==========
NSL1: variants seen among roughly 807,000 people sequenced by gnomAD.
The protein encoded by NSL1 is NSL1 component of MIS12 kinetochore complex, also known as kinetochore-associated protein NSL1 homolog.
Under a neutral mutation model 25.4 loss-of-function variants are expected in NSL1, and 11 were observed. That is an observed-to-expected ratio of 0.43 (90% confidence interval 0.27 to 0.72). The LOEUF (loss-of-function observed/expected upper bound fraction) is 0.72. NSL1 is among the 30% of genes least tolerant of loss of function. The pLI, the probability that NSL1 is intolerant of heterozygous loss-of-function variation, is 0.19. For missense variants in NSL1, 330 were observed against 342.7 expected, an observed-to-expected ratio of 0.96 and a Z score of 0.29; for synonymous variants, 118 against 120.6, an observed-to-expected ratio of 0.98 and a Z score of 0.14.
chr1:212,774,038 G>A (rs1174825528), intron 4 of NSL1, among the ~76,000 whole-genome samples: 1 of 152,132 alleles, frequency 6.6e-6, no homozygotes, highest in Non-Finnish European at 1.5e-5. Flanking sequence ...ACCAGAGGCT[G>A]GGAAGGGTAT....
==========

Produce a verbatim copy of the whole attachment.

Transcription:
NSL1: variants seen among roughly 807,000 people sequenced by gnomAD.
The protein encoded by NSL1 is NSL1 component of MIS12 kinetochore complex, also known as kinetochore-associated protein NSL1 homolog.
Under a neutral mutation model 25.4 loss-of-function variants are expected in NSL1, and 11 were observed. That is an observed-to-expected ratio of 0.43 (90% confidence interval 0.27 to 0.72). The LOEUF (loss-of-function observed/expected upper bound fraction) is 0.72. NSL1 is among the 30% of genes least tolerant of loss of function. The pLI, the probability that NSL1 is intolerant of heterozygous loss-of-function variation, is 0.19. For missense variants in NSL1, 330 were observed against 342.7 expected, an observed-to-expected ratio of 0.96 and a Z score of 0.29; for synonymous variants, 118 against 120.6, an observed-to-expected ratio of 0.98 and a Z score of 0.14.
chr1:212,774,038 G>A (rs1174825528), intron 4 of NSL1, among the ~76,000 whole-genome samples: 1 of 152,132 alleles, frequency 6.6e-6, no homozygotes, highest in Non-Finnish European at 1.5e-5. Flanking sequence ...ACCAGAGGCT[G>A]GGAAGGGTAT....